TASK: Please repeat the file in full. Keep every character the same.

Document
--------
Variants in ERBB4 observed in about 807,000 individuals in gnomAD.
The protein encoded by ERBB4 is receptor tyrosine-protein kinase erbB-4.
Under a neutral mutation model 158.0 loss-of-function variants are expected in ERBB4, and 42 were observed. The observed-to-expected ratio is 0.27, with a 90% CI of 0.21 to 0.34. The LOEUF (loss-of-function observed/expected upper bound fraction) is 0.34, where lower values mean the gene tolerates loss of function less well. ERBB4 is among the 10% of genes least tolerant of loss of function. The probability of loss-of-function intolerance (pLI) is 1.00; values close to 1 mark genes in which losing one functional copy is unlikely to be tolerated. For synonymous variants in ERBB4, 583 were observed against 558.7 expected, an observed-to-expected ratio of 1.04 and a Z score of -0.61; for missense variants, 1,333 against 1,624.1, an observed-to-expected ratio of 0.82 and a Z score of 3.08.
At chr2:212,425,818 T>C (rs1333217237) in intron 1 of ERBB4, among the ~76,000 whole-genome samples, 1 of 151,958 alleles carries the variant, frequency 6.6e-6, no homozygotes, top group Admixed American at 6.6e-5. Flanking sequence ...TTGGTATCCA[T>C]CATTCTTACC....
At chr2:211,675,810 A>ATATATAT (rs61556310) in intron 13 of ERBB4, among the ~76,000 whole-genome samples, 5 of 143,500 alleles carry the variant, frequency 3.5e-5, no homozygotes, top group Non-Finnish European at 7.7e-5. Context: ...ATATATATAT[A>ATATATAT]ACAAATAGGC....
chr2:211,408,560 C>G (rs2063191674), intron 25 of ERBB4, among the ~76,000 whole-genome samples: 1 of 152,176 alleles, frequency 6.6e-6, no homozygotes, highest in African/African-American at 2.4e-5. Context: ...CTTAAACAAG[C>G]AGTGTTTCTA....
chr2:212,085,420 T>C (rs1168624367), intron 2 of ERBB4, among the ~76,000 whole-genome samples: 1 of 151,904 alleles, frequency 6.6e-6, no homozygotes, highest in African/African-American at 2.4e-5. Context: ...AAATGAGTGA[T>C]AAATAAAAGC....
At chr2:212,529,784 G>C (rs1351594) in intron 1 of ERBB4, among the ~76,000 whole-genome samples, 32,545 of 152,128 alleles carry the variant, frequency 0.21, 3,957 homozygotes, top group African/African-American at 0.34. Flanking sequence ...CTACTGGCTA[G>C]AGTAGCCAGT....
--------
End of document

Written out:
Variants in ERBB4 observed in about 807,000 individuals in gnomAD.
The protein encoded by ERBB4 is receptor tyrosine-protein kinase erbB-4.
Under a neutral mutation model 158.0 loss-of-function variants are expected in ERBB4, and 42 were observed. The observed-to-expected ratio is 0.27, with a 90% CI of 0.21 to 0.34. The LOEUF (loss-of-function observed/expected upper bound fraction) is 0.34, where lower values mean the gene tolerates loss of function less well. ERBB4 is among the 10% of genes least tolerant of loss of function. The probability of loss-of-function intolerance (pLI) is 1.00; values close to 1 mark genes in which losing one functional copy is unlikely to be tolerated. For synonymous variants in ERBB4, 583 were observed against 558.7 expected, an observed-to-expected ratio of 1.04 and a Z score of -0.61; for missense variants, 1,333 against 1,624.1, an observed-to-expected ratio of 0.82 and a Z score of 3.08.
At chr2:212,425,818 T>C (rs1333217237) in intron 1 of ERBB4, among the ~76,000 whole-genome samples, 1 of 151,958 alleles carries the variant, frequency 6.6e-6, no homozygotes, top group Admixed American at 6.6e-5. Flanking sequence ...TTGGTATCCA[T>C]CATTCTTACC....
At chr2:211,675,810 A>ATATATAT (rs61556310) in intron 13 of ERBB4, among the ~76,000 whole-genome samples, 5 of 143,500 alleles carry the variant, frequency 3.5e-5, no homozygotes, top group Non-Finnish European at 7.7e-5. Context: ...ATATATATAT[A>ATATATAT]ACAAATAGGC....
chr2:211,408,560 C>G (rs2063191674), intron 25 of ERBB4, among the ~76,000 whole-genome samples: 1 of 152,176 alleles, frequency 6.6e-6, no homozygotes, highest in African/African-American at 2.4e-5. Context: ...CTTAAACAAG[C>G]AGTGTTTCTA....
chr2:212,085,420 T>C (rs1168624367), intron 2 of ERBB4, among the ~76,000 whole-genome samples: 1 of 151,904 alleles, frequency 6.6e-6, no homozygotes, highest in African/African-American at 2.4e-5. Context: ...AAATGAGTGA[T>C]AAATAAAAGC....
At chr2:212,529,784 G>C (rs1351594) in intron 1 of ERBB4, among the ~76,000 whole-genome samples, 32,545 of 152,128 alleles carry the variant, frequency 0.21, 3,957 homozygotes, top group African/African-American at 0.34. Flanking sequence ...CTACTGGCTA[G>C]AGTAGCCAGT....